Despite love for math, there was a time when she had no intention of earning a PhD in mathematics. She pursued a career in applied mathematics to answer her own questions.
Dr. Le Kim Ngan.
Dr. Le Kim Ngan, who was born in 1984, is currently a lecturer of the Mathematics Faculty at Monash University, Australia. Although she has been interested in math since she was young, she majored in informatics at her high school and math – informatics at university.
“When I was a student at secondary school, my father wanted me to spend an hour a day learning English. But instead, I opted to solve math questions in a book for students in eighth grade. I found this riveting, so I asked my father to buy an advanced math book for me. At school, I frequently practiced math and, eventually, I was caught and punished by my teacher,” she said.
“I usually wondered why those algorithms I encountered at high school or university were always correct. I decided to prove them by myself. As a result, I devoted myself to learning mathematics,” she said.
In 2008, she did a master’s by participating in the PUF program to satisfy her love for math. At that time, she did not intend to do a doctorate, study applied mathematics, or study abroad. While she was doing her thesis in France, she was awarded two scholarships to pursue a doctorate degree, but she rejected them because of her personal reasons.
She and her husband went to Australia to build their careers. She then won a scholarship for postgraduates from Australian government. Dr. Ngan chose to study numerical analysis because of its practical applications.
Teaching in Australia
Dr. Le Kim Ngan completed her doctorate in New South Wales University after three and a half years and continued as a postdoc afterwards. During this time, she had a chance to lecture on subjects related to Math at her school.
According to Dr. Ngan, to become a lecturer in Australia, applicants must have teaching skills and experience in the field. They should also have some articles published in well-known international publications.
She believes that those who were postdocs in Europe or America will have many benefits because they usually have opportunities to teach theoretical classes. However, in Australia, postdocs can mostly teach practical classes rather than theoretical classes.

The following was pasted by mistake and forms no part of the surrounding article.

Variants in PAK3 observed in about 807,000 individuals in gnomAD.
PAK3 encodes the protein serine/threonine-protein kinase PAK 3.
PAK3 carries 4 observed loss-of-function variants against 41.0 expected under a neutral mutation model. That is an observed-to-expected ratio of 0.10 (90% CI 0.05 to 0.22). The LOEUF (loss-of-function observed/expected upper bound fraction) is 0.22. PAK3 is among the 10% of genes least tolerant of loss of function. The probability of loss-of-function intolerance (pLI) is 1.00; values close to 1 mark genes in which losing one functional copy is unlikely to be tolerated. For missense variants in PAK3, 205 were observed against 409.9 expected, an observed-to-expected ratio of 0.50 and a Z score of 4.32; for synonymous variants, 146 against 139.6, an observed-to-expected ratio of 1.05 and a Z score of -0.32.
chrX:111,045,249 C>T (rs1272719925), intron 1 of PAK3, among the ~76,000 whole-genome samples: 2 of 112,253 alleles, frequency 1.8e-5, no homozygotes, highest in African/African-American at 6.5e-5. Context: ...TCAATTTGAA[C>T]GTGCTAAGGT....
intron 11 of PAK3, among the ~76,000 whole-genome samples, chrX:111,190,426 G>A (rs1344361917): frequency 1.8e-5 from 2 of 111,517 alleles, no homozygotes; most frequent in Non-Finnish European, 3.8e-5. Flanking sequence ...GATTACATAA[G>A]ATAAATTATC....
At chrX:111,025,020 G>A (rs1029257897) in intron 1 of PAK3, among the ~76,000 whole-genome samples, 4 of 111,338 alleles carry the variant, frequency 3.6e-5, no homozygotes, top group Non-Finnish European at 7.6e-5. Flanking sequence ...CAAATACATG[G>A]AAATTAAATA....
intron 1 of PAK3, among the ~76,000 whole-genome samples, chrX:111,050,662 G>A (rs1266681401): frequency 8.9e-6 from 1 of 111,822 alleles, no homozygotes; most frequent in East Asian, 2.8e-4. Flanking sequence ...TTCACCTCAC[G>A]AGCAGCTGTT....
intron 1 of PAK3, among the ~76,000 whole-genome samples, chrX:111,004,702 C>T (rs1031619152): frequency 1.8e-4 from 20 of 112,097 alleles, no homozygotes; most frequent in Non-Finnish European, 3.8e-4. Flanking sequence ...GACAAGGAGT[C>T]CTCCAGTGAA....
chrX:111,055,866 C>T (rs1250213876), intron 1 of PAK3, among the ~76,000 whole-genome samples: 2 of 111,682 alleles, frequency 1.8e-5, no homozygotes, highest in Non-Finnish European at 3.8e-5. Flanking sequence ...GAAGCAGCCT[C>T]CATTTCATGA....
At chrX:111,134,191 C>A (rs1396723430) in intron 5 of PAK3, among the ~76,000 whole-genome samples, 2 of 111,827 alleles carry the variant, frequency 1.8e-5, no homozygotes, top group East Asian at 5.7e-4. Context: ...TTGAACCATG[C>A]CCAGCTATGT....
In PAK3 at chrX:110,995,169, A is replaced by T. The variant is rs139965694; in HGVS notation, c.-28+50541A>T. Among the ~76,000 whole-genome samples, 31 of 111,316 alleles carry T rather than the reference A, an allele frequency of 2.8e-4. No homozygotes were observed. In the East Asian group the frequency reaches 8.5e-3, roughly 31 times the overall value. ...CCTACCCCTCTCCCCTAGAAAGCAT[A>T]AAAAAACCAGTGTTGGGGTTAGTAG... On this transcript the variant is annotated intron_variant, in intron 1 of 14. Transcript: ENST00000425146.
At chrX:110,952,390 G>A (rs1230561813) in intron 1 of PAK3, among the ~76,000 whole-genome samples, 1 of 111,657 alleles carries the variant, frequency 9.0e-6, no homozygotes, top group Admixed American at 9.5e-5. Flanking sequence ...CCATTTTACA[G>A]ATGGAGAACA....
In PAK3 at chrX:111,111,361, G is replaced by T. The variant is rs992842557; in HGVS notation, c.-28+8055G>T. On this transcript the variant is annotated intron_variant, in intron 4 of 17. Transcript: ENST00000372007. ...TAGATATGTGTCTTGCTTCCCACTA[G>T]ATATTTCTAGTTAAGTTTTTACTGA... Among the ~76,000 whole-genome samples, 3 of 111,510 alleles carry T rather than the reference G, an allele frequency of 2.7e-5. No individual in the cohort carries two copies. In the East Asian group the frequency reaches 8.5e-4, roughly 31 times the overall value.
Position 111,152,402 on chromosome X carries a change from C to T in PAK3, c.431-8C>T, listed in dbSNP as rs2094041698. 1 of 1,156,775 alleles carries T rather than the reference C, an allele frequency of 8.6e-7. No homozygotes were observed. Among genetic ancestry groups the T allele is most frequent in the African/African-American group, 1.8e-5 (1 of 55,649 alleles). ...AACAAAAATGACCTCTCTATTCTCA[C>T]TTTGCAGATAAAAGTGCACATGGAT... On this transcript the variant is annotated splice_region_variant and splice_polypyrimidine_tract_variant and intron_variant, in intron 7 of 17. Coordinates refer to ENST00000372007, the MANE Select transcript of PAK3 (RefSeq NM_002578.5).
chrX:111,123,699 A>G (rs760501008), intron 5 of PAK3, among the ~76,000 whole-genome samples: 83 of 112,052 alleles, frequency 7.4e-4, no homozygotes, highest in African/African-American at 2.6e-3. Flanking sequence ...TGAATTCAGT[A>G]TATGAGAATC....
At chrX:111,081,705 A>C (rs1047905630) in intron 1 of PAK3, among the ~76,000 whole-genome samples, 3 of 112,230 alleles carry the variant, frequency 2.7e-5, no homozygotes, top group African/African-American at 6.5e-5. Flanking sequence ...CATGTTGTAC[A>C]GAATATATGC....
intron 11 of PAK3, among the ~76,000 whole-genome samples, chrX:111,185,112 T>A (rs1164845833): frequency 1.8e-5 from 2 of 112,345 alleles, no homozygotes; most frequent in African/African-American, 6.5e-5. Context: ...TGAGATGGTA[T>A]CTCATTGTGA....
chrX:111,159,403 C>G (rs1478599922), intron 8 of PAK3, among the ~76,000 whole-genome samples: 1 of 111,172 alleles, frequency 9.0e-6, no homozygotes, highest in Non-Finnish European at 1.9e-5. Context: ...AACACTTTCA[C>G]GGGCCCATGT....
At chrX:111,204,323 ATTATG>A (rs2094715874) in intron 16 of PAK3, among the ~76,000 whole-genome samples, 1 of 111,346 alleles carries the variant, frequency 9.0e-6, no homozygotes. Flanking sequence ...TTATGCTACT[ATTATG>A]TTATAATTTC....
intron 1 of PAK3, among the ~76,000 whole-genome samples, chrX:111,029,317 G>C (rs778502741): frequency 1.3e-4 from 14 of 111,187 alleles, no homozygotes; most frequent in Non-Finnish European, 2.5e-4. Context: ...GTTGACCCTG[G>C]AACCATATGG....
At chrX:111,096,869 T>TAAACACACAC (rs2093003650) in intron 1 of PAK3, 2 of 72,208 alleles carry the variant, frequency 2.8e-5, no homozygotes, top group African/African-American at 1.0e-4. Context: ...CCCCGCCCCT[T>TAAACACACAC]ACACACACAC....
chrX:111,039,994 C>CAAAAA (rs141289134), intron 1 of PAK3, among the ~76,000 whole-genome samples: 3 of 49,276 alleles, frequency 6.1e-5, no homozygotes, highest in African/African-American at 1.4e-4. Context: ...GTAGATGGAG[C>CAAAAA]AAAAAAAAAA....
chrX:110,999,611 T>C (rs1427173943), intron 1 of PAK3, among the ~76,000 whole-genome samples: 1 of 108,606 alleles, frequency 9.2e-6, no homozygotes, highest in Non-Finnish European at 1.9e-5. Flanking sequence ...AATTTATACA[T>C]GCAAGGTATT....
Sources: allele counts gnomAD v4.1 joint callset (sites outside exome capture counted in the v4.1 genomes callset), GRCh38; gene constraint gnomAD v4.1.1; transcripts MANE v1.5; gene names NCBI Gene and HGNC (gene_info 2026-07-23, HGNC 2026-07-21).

She had experience in teaching while doing advanced research as a postdoc at New South Wales University. As a result, she became a lecturer in school of mathematics at Monash University in April 2020.
However, even after holding a position in the university, she suggested that lecturers must continue changing for better results.
“Students will give feedback about their lecturers annually and Australian schools will depend on that to evaluate the performance of a lecturer throughout the year. Therefore, to receive positive feedback from students, lecturers must improve the quality of their lessons. To achieve that goal, they can learn from senior lecturers, find out new ways for pupils to approach their lessons, or simply carefully prepare for their lessons,” Dr. Ngan said.
She said that lecturers in Australia have many advantages. Each year, lecturers can spend 40 percent of their time teaching and 40 percent researching. As it is difficult for Math Department to find funds to conduct research, lecturers can make a request to the government, as long as the project is possible and practical.
Lecturers are also able to discuss with Australian colleagues as well as foreign colleagues. Travelling expenses will be covered by many funds from the university or other organizations.
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